MIT professor’s book digs into the eclectic, textually linked reading choices of people in medieval London.
Three MIT graduate students in engineering are among 12 winners selected by the National Research Council in the first predoctoral fellowship program in integrated manufacturing.
The 1993 MIT fellows are Mitchell H. Burman in the Department of Electrical Engineering and Computer Science, Jeffrey D. Nystrom in Materials Science and Engineering and Gokaraju K. Raju in Chemical Engineering.
The program, established last year by the U.S. Department of Energy, has the threefold objective of creating a pool of PhDs trained in the integrated approach to manufacturing, promoting academic interest in the field and attracting talented professionals to a challenging area of engineering. A key goal is to have a broad impact on the foundations of manufacturing technology, resulting in the creation of new manufacturing methods that contribute to improved energy efficiency, better utilization of scarce resources, and less degradation of the environment.
Each award carries an annual stipend of $20,000 and an education allowance of up to $15,000 per year for three years. A similar competition is planned for 1994.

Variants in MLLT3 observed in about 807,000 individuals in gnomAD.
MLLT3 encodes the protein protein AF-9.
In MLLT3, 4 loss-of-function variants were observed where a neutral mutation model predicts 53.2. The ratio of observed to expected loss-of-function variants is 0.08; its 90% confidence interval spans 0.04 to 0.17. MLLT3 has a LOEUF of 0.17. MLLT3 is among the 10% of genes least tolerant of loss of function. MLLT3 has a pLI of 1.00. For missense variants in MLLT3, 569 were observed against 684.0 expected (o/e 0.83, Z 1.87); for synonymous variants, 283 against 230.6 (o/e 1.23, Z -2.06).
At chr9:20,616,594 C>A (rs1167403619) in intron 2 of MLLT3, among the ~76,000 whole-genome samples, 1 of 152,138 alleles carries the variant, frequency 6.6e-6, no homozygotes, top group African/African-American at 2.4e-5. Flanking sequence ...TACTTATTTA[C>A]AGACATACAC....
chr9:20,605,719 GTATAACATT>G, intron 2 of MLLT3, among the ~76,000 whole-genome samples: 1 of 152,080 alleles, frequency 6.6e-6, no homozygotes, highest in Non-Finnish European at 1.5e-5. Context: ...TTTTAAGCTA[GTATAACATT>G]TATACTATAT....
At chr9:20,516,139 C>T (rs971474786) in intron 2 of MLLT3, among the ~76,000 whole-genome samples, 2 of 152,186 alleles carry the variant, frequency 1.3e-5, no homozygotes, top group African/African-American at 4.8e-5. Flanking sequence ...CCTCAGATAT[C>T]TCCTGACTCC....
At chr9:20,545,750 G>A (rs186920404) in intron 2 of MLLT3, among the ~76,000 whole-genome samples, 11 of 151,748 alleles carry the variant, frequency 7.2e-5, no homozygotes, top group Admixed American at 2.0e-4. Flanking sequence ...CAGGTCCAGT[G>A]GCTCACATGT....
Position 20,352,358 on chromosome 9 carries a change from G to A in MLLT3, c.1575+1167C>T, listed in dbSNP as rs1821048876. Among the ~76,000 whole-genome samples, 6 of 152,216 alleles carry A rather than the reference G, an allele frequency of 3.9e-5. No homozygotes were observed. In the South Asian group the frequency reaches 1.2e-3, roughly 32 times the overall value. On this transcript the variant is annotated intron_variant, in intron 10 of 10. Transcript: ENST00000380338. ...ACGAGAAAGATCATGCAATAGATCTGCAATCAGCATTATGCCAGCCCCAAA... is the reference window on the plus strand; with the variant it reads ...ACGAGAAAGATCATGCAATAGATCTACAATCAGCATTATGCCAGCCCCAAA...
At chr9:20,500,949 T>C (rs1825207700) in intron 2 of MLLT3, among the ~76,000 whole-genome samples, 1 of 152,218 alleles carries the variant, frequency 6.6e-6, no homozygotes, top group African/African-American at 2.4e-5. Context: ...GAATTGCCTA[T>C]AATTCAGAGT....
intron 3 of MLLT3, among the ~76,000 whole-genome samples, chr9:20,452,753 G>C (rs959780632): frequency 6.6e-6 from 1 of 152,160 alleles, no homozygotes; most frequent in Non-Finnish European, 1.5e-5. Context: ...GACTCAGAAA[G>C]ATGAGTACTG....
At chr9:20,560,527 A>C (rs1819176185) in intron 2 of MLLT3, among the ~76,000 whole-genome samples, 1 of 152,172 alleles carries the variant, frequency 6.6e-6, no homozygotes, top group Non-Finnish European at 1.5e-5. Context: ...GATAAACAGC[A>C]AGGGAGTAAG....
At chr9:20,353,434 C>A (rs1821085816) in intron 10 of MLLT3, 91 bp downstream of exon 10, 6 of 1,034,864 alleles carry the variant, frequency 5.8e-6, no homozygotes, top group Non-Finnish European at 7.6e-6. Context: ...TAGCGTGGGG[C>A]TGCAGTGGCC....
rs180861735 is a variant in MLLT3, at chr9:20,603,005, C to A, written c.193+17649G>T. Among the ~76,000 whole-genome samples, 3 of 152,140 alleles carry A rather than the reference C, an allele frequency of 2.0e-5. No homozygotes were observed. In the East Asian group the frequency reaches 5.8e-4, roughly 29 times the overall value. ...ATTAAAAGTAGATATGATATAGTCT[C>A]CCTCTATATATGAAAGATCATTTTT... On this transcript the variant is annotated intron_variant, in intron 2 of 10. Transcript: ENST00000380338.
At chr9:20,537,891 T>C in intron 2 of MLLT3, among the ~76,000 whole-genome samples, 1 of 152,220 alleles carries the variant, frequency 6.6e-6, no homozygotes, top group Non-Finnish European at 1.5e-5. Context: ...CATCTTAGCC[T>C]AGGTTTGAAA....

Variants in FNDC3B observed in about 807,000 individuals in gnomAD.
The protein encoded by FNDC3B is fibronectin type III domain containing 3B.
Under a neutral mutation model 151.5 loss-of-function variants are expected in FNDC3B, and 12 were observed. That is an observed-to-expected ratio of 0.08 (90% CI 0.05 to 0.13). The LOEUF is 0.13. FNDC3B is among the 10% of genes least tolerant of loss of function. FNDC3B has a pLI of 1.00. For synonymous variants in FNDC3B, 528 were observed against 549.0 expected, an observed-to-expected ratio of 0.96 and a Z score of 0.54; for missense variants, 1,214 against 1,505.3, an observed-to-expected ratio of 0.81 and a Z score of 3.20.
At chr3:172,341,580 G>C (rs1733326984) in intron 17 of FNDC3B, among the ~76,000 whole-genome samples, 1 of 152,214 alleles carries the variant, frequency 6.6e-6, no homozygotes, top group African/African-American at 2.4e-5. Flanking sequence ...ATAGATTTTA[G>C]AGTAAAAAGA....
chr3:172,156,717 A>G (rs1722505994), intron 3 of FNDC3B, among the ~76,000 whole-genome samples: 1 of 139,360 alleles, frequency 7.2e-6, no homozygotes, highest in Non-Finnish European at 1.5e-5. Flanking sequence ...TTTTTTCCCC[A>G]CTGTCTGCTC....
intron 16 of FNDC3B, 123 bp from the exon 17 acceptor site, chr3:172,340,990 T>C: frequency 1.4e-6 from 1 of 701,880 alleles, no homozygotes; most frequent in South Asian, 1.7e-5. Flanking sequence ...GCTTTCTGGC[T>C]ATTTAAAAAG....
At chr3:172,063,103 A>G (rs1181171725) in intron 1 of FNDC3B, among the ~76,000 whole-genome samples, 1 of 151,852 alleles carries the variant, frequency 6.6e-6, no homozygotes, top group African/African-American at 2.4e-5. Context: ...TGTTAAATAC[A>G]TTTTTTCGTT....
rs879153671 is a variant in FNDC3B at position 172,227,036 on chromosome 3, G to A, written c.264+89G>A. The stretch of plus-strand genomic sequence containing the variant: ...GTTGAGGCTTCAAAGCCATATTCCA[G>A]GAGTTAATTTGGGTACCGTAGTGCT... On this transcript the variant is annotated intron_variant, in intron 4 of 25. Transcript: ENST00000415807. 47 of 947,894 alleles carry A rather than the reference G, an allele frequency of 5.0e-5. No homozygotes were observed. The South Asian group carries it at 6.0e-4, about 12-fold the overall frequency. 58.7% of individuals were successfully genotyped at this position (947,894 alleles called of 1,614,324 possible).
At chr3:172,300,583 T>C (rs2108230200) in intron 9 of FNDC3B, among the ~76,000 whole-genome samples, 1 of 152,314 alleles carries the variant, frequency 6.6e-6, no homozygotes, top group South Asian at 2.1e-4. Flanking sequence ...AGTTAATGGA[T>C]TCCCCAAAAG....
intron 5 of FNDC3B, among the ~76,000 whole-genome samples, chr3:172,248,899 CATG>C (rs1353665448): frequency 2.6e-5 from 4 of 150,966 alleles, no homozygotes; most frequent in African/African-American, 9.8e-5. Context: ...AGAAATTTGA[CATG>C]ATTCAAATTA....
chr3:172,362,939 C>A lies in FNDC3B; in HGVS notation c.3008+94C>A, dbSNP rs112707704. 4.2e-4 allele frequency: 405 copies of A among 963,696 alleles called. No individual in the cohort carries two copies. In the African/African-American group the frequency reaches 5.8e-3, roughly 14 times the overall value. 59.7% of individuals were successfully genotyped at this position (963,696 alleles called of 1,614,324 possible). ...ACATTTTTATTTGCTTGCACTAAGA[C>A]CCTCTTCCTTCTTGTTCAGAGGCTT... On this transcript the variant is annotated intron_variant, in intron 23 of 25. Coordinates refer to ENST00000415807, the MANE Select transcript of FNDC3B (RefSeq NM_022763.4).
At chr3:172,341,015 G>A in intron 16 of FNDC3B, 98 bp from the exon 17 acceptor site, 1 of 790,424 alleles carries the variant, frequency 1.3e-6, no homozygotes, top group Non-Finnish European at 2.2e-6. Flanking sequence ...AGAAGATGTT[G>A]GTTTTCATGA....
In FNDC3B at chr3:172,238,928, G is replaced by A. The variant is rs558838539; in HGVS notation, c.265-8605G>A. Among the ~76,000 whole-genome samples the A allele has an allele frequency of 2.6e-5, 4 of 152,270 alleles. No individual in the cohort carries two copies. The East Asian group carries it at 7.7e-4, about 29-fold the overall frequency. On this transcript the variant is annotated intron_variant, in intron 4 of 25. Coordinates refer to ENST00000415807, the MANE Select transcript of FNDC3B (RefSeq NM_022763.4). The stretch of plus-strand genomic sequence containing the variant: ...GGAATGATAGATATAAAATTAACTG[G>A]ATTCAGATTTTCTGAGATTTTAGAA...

Charles A. Primmerman, leader of the Laser and Sensor Application Group at Lincoln Laboratory, is one of four persons to share the 1993 Technology Achievement Award of The International Society for Optical Engineering.
The award recognized their work in "the development, demonstration and reduction to practice of laser-produced `guidestar' techniques." Guidestar technology has revolutionized ground-based astronomy by correcting time-varying phase distortions caused by atmospheric turbulence, providing observatories with the means for near-diffraction limited resolution performance.
In its announcement, SPIE said, "Dr. Primmerman has played a key role in the practical development of adaptive optics technology at Lincoln Laboratory. He supervised a demonstration of outgoing laser beam compensation in 1982 and the first atmospheric measurement using sodium layer beacons at White Sands, NM, in 1984. His team's subsequent `stitching' of atmospheric data obtained with two artificial beacons in 1990 demonstrated the basic techniques needed for the use of laser guidestars in astronomy.
Dominic J. Sartorio, a senior in electrical engineering and computer science, has been awarded a $500 scholarship by the US Reserve Officers Association. He was one of 100 students nationwide to get the Henry J. Reilly Memorial Scholarship in honor of the late Army Reserve brigadier general.
Dr. Robert C. O'Handley, a senior research scientist in the Department of Materials Science and Engineering, was recently given the Information Storage Materials Award by the International Union of Materials Research Societies. The award was presented at a reception during the International Conference on Advbanced Materials in Tokyo, Japan. The award recognized Dr. O'Handley's contributions to the understanding of magnetism and magneto-elastic effects in amorphous alloys.
A version of this article appeared in the October 6, 1993 issue of MIT Tech Talk (Volume 38, Number 9).